The mismatch is thus that our brains tend use criteria from the Savannah that no longer applies today. Yet stature hardly plays a role in the keen intellect, decision-making capabilities, and relationship skills that’re at the heart of good leadership.

Therefore, using our instinctive assessments to choose leaders can be disastrous.

The most successful and effective leaders today have a combination of qualities that not only appeal to the positive elements of our ancestral psychology but are also task-related competencies.

Optimus Prime sure knew a thing or two about leadership, and many of these leadership qualities have an evolutionary basis to them.

At the same time, individuals like Optimus Prime are undeniably attractive as leaders simply because of their physical presence, height, looks, and demeanor, which appeal to our evolved instincts to choose such individuals as leaders.

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Another insight is that we tend to overlook competent women when choosing leaders, since our evolved instincts tend to make us assume that leaders should be male. There is increasing evidence that highly capable women are as up to task in leadership as men.

By being mindful of how we tend to be drawn irrationally to charismatic and good-looking (and male) leaders who may not actually be competent, we can make better choices of who we want to be led by.

Importantly, we also can’t be leaders in every realm. More likely, we may lead in one project but follow other leaders who’re in charge of others.

Followers have a responsibility to be good and effective followers too. If a leader is effective, support them rather than compete to overthrow them.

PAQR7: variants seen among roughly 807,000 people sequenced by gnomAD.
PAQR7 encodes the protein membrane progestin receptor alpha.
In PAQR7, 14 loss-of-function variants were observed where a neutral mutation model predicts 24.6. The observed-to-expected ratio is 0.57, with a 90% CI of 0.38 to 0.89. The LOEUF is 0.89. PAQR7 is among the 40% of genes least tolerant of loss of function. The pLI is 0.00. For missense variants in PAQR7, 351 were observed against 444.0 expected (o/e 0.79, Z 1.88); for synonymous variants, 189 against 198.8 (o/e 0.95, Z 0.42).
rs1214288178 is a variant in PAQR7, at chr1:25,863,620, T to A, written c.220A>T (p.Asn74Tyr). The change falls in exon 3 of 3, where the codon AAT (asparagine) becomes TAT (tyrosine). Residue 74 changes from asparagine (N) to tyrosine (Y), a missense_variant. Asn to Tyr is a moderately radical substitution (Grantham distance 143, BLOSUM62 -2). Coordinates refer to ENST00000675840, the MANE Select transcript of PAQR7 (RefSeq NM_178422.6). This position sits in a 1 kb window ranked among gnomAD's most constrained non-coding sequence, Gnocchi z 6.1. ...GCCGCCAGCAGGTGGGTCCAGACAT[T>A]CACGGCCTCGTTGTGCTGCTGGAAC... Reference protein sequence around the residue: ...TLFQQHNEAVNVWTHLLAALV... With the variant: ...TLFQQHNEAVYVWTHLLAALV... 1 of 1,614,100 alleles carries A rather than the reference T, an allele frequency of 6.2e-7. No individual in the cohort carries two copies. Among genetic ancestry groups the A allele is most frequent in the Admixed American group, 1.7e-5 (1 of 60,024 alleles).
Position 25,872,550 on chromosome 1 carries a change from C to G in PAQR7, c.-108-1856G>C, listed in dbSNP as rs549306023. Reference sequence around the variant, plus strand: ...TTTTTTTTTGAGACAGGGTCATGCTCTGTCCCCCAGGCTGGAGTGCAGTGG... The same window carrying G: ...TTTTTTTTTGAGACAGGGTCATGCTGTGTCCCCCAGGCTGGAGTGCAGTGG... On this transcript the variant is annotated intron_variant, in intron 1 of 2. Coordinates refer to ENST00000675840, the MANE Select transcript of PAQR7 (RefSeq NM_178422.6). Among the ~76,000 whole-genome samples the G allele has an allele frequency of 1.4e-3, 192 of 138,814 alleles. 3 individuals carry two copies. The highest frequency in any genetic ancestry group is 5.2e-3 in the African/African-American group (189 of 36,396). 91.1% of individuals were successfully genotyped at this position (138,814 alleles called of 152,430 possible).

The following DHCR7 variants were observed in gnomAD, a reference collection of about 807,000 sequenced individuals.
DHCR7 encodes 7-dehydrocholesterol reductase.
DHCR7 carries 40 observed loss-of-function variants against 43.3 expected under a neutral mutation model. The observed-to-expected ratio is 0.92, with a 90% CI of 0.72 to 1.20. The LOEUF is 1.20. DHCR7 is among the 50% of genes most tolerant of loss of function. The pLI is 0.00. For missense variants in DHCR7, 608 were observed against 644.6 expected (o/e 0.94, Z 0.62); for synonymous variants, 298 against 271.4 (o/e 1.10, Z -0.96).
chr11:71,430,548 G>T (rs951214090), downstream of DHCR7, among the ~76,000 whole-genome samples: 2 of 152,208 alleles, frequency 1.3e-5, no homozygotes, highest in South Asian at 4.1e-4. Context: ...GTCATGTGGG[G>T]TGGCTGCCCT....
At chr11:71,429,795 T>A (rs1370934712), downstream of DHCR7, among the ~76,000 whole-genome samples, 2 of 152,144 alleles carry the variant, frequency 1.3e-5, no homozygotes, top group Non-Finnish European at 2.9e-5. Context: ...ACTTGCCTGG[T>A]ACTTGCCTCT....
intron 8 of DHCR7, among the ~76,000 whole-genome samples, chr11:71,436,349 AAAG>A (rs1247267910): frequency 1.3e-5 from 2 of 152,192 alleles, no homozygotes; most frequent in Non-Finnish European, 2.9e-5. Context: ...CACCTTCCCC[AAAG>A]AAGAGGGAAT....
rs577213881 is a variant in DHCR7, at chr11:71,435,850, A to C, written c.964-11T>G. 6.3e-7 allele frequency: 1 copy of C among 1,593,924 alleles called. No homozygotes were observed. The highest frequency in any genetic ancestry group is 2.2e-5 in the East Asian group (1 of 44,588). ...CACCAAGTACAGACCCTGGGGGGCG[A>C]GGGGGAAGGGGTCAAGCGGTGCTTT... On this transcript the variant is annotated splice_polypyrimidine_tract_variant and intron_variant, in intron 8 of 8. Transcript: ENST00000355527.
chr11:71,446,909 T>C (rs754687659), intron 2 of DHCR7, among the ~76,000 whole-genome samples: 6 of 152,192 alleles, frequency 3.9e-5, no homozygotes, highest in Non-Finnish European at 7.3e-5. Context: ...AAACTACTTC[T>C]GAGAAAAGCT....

Focus on Exchanging Less Money and More Favours

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Humans (and other social animals) are evolved with an irresistible urge for reciprocity. It’s deeply ingrained in our human nature.

We’ve discussed the principle of reciprocity, which states that people naturally dislike feeling indebted and instinctively want to return favours.

Markets are places where people can get goods and services that they need from people who can provide them, and people must offer something in exchange for those goods and services.

Humans operated through social markets for the most part of our existence. The invention of money is a relatively very new phenomenon.

Using a money market mindset when a social market mindset is more relevant is a major faux pas.

Think about this scenario: One day, your best friend calls you and says, “Hey, I need some help moving some furniture.” Being best friends, you make the long trip over to his place and spend two hours moving some heavy chairs and tables. After the work is done, your friend says, “Thanks for your help, buddy! I calculated the time and distance it took you to get here as well as the work you did, so here’s $65.70 based on your utility.”

Most people would find such a gesture strange, if not insulting. Money isn’t a good way to show appreciation here.

Yet, it’s not that money markets are always inferior to social markets. Money markets exist because they’re indeed more efficient than social markets.